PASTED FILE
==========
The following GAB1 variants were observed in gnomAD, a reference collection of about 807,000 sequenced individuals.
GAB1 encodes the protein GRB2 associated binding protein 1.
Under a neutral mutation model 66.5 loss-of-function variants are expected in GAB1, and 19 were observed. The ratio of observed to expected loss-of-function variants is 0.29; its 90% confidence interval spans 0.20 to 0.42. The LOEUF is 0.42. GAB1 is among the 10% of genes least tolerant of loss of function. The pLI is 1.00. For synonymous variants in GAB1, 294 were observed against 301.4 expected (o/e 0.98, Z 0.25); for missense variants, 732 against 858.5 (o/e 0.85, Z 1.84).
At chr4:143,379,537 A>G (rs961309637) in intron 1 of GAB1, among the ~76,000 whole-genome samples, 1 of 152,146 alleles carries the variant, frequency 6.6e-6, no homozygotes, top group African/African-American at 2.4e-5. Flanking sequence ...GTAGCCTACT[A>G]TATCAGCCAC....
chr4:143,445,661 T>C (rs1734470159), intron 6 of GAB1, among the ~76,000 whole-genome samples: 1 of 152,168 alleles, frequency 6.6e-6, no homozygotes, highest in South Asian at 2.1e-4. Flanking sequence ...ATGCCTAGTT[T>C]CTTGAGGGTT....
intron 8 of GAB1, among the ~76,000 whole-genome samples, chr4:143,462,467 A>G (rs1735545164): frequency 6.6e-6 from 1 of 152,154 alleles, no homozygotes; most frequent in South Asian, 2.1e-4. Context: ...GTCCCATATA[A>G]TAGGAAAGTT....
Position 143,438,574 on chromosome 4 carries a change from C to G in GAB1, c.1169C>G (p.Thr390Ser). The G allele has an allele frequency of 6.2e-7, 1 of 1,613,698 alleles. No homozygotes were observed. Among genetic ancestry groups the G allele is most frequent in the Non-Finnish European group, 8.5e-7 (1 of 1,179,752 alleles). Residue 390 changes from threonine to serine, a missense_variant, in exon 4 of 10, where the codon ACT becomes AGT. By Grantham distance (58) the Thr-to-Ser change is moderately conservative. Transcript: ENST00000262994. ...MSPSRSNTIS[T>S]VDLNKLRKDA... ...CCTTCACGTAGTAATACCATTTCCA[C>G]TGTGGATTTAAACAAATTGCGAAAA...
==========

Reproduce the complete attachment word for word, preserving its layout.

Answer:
The following GAB1 variants were observed in gnomAD, a reference collection of about 807,000 sequenced individuals.
GAB1 encodes the protein GRB2 associated binding protein 1.
Under a neutral mutation model 66.5 loss-of-function variants are expected in GAB1, and 19 were observed. The ratio of observed to expected loss-of-function variants is 0.29; its 90% confidence interval spans 0.20 to 0.42. The LOEUF is 0.42. GAB1 is among the 10% of genes least tolerant of loss of function. The pLI is 1.00. For synonymous variants in GAB1, 294 were observed against 301.4 expected (o/e 0.98, Z 0.25); for missense variants, 732 against 858.5 (o/e 0.85, Z 1.84).
At chr4:143,379,537 A>G (rs961309637) in intron 1 of GAB1, among the ~76,000 whole-genome samples, 1 of 152,146 alleles carries the variant, frequency 6.6e-6, no homozygotes, top group African/African-American at 2.4e-5. Flanking sequence ...GTAGCCTACT[A>G]TATCAGCCAC....
chr4:143,445,661 T>C (rs1734470159), intron 6 of GAB1, among the ~76,000 whole-genome samples: 1 of 152,168 alleles, frequency 6.6e-6, no homozygotes, highest in South Asian at 2.1e-4. Flanking sequence ...ATGCCTAGTT[T>C]CTTGAGGGTT....
intron 8 of GAB1, among the ~76,000 whole-genome samples, chr4:143,462,467 A>G (rs1735545164): frequency 6.6e-6 from 1 of 152,154 alleles, no homozygotes; most frequent in South Asian, 2.1e-4. Context: ...GTCCCATATA[A>G]TAGGAAAGTT....
Position 143,438,574 on chromosome 4 carries a change from C to G in GAB1, c.1169C>G (p.Thr390Ser). The G allele has an allele frequency of 6.2e-7, 1 of 1,613,698 alleles. No homozygotes were observed. Among genetic ancestry groups the G allele is most frequent in the Non-Finnish European group, 8.5e-7 (1 of 1,179,752 alleles). Residue 390 changes from threonine to serine, a missense_variant, in exon 4 of 10, where the codon ACT becomes AGT. By Grantham distance (58) the Thr-to-Ser change is moderately conservative. Transcript: ENST00000262994. ...MSPSRSNTIS[T>S]VDLNKLRKDA... ...CCTTCACGTAGTAATACCATTTCCA[C>G]TGTGGATTTAAACAAATTGCGAAAA...